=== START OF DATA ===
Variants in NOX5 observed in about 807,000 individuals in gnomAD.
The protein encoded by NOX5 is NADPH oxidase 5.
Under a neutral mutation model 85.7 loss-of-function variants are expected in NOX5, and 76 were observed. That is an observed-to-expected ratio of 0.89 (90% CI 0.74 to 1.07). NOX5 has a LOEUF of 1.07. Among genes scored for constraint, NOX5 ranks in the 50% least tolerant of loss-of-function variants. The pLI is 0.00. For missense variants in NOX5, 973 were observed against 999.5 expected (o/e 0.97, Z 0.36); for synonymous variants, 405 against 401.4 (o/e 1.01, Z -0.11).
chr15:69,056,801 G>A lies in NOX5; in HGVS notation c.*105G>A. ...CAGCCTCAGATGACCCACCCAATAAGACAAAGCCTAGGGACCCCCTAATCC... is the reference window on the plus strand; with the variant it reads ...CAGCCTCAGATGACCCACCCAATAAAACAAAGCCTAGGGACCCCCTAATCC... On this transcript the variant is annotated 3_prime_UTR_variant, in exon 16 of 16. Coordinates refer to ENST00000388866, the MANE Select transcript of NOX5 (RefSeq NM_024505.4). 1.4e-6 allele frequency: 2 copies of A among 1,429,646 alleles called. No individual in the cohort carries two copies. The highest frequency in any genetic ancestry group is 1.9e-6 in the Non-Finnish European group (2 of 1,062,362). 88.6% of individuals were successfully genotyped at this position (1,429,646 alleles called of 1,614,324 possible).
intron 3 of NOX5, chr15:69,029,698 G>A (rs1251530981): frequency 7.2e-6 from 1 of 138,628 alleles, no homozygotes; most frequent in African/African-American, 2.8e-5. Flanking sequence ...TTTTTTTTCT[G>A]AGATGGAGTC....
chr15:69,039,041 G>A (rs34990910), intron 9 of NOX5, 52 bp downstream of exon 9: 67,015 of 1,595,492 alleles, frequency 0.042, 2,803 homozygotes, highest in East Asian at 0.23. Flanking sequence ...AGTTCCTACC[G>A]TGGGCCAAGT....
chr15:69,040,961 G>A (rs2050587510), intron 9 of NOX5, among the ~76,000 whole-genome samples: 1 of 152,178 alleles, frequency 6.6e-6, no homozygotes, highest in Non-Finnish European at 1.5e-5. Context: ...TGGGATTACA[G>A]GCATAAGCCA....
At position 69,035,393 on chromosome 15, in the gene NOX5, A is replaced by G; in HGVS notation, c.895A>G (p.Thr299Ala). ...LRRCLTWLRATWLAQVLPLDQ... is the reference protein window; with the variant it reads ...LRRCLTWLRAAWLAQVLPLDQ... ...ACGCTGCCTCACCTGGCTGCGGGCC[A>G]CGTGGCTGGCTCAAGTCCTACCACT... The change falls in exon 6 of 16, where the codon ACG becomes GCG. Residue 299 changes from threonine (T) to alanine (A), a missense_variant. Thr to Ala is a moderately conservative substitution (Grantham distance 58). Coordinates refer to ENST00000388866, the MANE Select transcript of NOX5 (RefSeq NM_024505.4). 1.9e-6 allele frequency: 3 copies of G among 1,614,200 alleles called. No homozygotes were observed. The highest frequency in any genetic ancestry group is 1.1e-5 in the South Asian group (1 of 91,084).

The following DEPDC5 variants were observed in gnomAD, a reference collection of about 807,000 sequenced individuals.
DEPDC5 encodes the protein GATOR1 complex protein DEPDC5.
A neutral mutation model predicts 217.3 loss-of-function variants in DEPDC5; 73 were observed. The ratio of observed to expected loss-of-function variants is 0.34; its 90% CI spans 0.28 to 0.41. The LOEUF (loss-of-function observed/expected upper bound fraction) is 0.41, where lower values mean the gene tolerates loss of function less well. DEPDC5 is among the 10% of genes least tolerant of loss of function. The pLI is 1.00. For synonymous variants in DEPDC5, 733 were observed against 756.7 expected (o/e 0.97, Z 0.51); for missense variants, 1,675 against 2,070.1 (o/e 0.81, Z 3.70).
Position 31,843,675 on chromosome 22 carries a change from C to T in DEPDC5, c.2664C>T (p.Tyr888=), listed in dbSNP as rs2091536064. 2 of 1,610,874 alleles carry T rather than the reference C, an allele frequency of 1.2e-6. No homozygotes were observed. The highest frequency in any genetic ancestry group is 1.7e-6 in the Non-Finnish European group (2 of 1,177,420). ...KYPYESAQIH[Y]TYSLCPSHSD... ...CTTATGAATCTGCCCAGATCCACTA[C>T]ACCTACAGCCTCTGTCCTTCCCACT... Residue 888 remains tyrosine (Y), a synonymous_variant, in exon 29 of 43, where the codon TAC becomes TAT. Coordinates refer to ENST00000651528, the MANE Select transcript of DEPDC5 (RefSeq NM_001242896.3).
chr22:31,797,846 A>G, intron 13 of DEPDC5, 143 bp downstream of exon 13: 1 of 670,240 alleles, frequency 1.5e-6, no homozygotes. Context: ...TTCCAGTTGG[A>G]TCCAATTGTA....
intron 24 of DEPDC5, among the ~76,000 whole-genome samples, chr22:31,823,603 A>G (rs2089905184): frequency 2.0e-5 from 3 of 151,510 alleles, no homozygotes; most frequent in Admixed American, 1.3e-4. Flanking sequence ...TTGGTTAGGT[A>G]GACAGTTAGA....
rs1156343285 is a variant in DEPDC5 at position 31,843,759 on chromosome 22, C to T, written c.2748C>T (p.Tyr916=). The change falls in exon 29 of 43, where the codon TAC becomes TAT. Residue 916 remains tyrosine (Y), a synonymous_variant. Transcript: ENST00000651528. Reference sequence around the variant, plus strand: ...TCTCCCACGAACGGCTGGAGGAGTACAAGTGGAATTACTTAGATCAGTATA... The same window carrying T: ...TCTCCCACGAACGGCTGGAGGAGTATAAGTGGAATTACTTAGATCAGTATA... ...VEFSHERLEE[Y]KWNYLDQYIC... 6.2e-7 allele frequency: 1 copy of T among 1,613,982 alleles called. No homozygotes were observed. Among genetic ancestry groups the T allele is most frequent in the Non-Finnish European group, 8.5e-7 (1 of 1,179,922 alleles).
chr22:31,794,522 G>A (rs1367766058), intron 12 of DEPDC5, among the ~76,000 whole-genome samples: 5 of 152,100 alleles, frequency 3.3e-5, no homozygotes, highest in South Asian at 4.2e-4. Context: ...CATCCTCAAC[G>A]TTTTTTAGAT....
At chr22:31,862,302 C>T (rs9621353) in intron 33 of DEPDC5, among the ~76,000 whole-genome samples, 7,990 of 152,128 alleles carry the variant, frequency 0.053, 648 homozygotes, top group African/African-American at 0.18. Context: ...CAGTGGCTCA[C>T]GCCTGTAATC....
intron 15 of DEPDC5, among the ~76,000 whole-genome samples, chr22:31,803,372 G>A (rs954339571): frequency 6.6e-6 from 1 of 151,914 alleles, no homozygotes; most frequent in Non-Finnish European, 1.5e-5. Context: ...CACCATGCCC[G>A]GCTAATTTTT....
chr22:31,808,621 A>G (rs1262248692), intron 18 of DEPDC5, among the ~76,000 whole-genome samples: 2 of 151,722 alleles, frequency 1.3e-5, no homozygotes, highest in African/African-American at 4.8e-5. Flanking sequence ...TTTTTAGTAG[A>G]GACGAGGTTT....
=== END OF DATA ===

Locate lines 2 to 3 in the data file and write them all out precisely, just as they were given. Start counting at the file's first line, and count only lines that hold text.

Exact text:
The protein encoded by NOX5 is NADPH oxidase 5.
Under a neutral mutation model 85.7 loss-of-function variants are expected in NOX5, and 76 were observed. That is an observed-to-expected ratio of 0.89 (90% CI 0.74 to 1.07). NOX5 has a LOEUF of 1.07. Among genes scored for constraint, NOX5 ranks in the 50% least tolerant of loss-of-function variants. The pLI is 0.00. For missense variants in NOX5, 973 were observed against 999.5 expected (o/e 0.97, Z 0.36); for synonymous variants, 405 against 401.4 (o/e 1.01, Z -0.11).